My first-hand observation and experience of Singapore’s extraordinary achievements, during visits that commenced in 1995, stimulated this discovery. I was awakened, as never before, to the importance of prosperity in any society.
I also realized the paramount necessity of strengthening the work ethic in economically-developed societies, which seemed to have sickened under welfare that was often more of a drug than a safety net.
Two years of reflection on my Singaporean experiences enabled me to clarify the relevant Framework during 1996–1998. Apart from general background reading in management and social sciences, I am primarily indebted to a diverse list of books serendipitously discovered over that two-year period, in particular:
Spiral Dynamics by D.E. Beck & C.C. Cowan (Blackwell, 1996);
The Sovereign Individual by J.D. Davidson & W. Rees-Mogg (Macmillan, 1997);
Human Action: A Treatise on Economics by Ludwig von Mises (orig. 1949; 4th Rev. Ed. The Foundation for Economic Education, 1996);
The 22 Immutable Laws of Marketing by A. Ries & J. Trout (Harper Collins, 1993).
This work, initiated by Graves, a Professor of Psychology, has such a close resemblance to the Spiral Dynamics (SD) and both claiming to follow Graves. There are now references to still higher levels in the framework: certainly an 8th, and there are 10 levels on one SD website.that it is undoubtedly tapping into the same phenomenon. Since the publication above, the two authors have gone separate ways—both claiming the name
SD theory refers to biological states and is drawn empirically by noting the evolution of societies and their culture starting from 100,000–50,000 BCE.
The historical SD hierarchical order of types is incorrect (in THEE terms). So the fertility of the ideas as evidenced on this website could never be generated. Instead, SD investigation has led to ever-greater complexity: There are presently eight landmark systems with two transitional stages (entering and exiting) between each pair, along with blends and combinations.
SD theory also seems to allow for notions like superiority and primitiveness to emerge. By contrast, THEE regards all types as essential, and just as important and practical today as they have ever been. THEE applications reveal that a holistic use of all the Types is essential for social life. This assumes a general ability for everyone to appreciate all of them.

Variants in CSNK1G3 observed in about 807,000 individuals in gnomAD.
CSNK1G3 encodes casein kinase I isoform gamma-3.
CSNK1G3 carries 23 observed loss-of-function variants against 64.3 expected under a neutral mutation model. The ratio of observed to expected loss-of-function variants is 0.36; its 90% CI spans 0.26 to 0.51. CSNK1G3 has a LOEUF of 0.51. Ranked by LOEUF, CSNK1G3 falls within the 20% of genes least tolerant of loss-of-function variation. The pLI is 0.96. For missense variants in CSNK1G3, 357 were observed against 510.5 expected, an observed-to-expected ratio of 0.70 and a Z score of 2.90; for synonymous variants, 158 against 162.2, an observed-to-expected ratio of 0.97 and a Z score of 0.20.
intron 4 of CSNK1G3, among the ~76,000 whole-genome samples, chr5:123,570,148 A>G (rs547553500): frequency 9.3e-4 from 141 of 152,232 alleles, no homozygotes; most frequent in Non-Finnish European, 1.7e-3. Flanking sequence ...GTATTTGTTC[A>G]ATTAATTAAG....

SD naming is problematic: the authors use colours i.e. metaphorical or image-based names; or they use phraseology and initials that are difficult to comprehend; or they use strings of words. If a simple direct name is not possible, it may reflect an attempt to force a concept rather than to make a simple unambiguous observation. Obscurity in exposition is generally a warning sign to readers.
SD theory includes and refers to phenomena that are a product of the time and place of the observations, rather than residing in the essence of the Type. THEE regards such history-tied descriptions as an intrusion and a confusion between the two domains of reality that we inhabit.
Conclusion: It seems that mainstream anthropology, social science and evolutionary biology do not support SD theory. The view taken here is that a psychosocial reality is being forced on empirical facts and vice versa. This leads to distorted views and positions that neither conventional scientists nor psychosocial observers will accept as valid.
The Fundamental Interpersonal Relations Orientation Theory (FIRO) was introduced by William Schutz in 1958. The psychometric tool FIRO-B was later developed from it. Schutz saw just three main interpersonal needs: affection, control and inclusion. (These correspond directly to , and in the present Framework.
However, by postulating excessive, deficient, and ideal scores, a complicated typology transpires. As the MBTI (Myers-Briggs Type Indicator) became more popular, it replaced FIRO-B. There is a significant difference in assessing needs (hidden by nature), as FIRO-B does, and pointing to observable interaction patterns as the THEE Framework does.
Alan Fiske claims in his anthropological research that there are precisely four fundamental choices available to people in dealing with each other. His four models in Relational Models Theory (RMT) seem to have links with the present Framework, although perhaps this is not so obvious from the names: Communal Sharing (CS); Authority Ranking (AR), Equality Matching (EM) and Market Pricing (MP). CS includes, for example, not just obvious communal interaction, but people in love—which shows THEE features (as might be expected) rather than what most people would think of as community features.
The concern of RMT is not with enduring states of mind, but with the particular interaction of the moment. Such minute classifications do not assist us greatly in everyday life. We are intensely concerned with predicting the behaviour of others and managing our relationships effectively through much longer periods—over months and even years.
Originally posted: July 2009